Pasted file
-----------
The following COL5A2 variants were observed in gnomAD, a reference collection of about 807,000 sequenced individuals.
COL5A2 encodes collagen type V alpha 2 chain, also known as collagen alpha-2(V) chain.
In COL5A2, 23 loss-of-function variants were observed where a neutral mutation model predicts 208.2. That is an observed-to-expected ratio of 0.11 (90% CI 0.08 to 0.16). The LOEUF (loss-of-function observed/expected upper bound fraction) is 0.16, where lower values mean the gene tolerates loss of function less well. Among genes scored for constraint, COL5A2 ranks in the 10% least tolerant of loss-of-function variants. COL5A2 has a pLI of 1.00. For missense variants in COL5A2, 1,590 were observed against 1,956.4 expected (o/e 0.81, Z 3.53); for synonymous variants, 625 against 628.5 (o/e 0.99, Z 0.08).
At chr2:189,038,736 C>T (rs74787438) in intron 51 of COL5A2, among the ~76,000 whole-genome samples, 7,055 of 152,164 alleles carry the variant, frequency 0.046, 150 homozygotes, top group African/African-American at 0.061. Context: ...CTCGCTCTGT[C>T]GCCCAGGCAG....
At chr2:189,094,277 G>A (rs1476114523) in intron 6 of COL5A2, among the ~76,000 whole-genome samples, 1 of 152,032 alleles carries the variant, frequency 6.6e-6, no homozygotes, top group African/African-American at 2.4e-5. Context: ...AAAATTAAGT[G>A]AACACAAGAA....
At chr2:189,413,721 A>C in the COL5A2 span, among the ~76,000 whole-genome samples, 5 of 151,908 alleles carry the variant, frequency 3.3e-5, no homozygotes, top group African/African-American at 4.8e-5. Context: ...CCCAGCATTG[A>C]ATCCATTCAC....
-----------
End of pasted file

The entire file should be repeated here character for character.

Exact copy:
The following COL5A2 variants were observed in gnomAD, a reference collection of about 807,000 sequenced individuals.
COL5A2 encodes collagen type V alpha 2 chain, also known as collagen alpha-2(V) chain.
In COL5A2, 23 loss-of-function variants were observed where a neutral mutation model predicts 208.2. That is an observed-to-expected ratio of 0.11 (90% CI 0.08 to 0.16). The LOEUF (loss-of-function observed/expected upper bound fraction) is 0.16, where lower values mean the gene tolerates loss of function less well. Among genes scored for constraint, COL5A2 ranks in the 10% least tolerant of loss-of-function variants. COL5A2 has a pLI of 1.00. For missense variants in COL5A2, 1,590 were observed against 1,956.4 expected (o/e 0.81, Z 3.53); for synonymous variants, 625 against 628.5 (o/e 0.99, Z 0.08).
At chr2:189,038,736 C>T (rs74787438) in intron 51 of COL5A2, among the ~76,000 whole-genome samples, 7,055 of 152,164 alleles carry the variant, frequency 0.046, 150 homozygotes, top group African/African-American at 0.061. Context: ...CTCGCTCTGT[C>T]GCCCAGGCAG....
At chr2:189,094,277 G>A (rs1476114523) in intron 6 of COL5A2, among the ~76,000 whole-genome samples, 1 of 152,032 alleles carries the variant, frequency 6.6e-6, no homozygotes, top group African/African-American at 2.4e-5. Context: ...AAAATTAAGT[G>A]AACACAAGAA....
At chr2:189,413,721 A>C in the COL5A2 span, among the ~76,000 whole-genome samples, 5 of 151,908 alleles carry the variant, frequency 3.3e-5, no homozygotes, top group African/African-American at 4.8e-5. Context: ...CCCAGCATTG[A>C]ATCCATTCAC....